# Item Response Theory vs Confirmatory Factor Analysis

#### SimonSchus

##### New Member
Hi all,

I was wondering what the core, meaningful differences are between Item Response Theory and Confirmatory Factor Analysis.

I understand that there are differences in the calculations (focusing more on item vs. covariances; log-linear vs. linear).

However, I have no idea what this means from a higher-level perspective - does this mean that IRT is better than CFA in some circumstances? Or for slightly different end-purposes?

Any musings would be useful as a scan of the research literature led to more a description of IRT and CFA than any useful comparison of the core differences between them

Simon.

#### noetsi

##### Fortran must die
Its been several years since I worked with IRT, but one obvious comment is that CFA is a method/tool (one that I think can be used for IRT) and IRT is a theory or set of theories about measurement. While you can use IRT techniques to generate calculations, comparing CFA to IRT is sort of like comparing theoretical physics to a telescope. There are many many different methods within IRT (notably tied to how many parameters are estimated) but behind it is a theory and philosophy totally lacking in CFA.

Are you asking about say comparing a one parameter IRT model to CFA used to measure the same element?

#### VPG

##### New Member
Actually, IRT and CFA are very closely related. IRT, while called a theory, is actually just a collection of latent variable models that attempt to model the relationship between item responses and a latent variable (much like CFA). The primary difference, as you mentioned, is the parametrization of the models. However, in many cases parameters from one model (categorical CFA using dichotomous items) can be converted into an asymptotically equivalent IRT model (2 parameter logistic model).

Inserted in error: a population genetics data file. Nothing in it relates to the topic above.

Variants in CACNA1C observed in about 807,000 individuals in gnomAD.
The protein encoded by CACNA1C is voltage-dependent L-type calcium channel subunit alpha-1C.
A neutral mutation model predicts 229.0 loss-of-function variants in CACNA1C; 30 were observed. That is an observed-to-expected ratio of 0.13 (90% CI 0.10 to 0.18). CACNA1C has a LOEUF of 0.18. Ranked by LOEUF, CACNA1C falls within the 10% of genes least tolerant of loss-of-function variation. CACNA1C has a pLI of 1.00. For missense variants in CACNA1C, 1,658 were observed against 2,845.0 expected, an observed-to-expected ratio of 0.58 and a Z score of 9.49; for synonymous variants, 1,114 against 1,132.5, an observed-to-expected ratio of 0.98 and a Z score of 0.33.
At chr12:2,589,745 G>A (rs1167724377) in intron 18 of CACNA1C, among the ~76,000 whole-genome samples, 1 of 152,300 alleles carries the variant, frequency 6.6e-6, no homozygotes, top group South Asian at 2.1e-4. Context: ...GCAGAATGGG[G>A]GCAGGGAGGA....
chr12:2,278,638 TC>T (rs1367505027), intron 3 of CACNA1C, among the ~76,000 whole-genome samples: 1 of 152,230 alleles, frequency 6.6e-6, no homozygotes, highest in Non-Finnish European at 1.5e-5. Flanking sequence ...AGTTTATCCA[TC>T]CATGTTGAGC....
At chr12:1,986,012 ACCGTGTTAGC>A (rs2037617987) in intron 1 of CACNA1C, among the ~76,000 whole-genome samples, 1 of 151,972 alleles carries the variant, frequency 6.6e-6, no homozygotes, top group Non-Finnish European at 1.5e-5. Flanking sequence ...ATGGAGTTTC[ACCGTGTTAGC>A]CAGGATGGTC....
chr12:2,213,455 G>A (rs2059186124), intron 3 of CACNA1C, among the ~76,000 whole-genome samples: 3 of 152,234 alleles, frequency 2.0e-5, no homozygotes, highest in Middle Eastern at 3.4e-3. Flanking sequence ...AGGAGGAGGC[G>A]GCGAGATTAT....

An important difference between CCFA (categorical CFA) and IRT is the estimation of model parameters. The different estimation techniques have lead to the different models being better at different things. For example, testing the number of dimensions was much easier in FA (historically) while scoring was much more developed in IRT. As estimation and computing continues to advance, the differences between these modeling frameworks is disappearing.

As psychometricians we often switch back and forth between the two modeling traditions depending on what we're doing at the time. To make life easier - you may want to just think of both techniques as "item factor analysis" (assuming you are using CFA models appropriate for item level data). There is a 2007 paper by Wirth & Edwards on IFA in the journal Psychological Methods. You may find it interesting.

#### Dragan

##### Super Moderator
Hi all,

I was wondering what the core, meaningful differences are between Item Response Theory and Confirmatory Factor Analysis.

I understand that there are differences in the calculations (focusing more on item vs. covariances; log-linear vs. linear).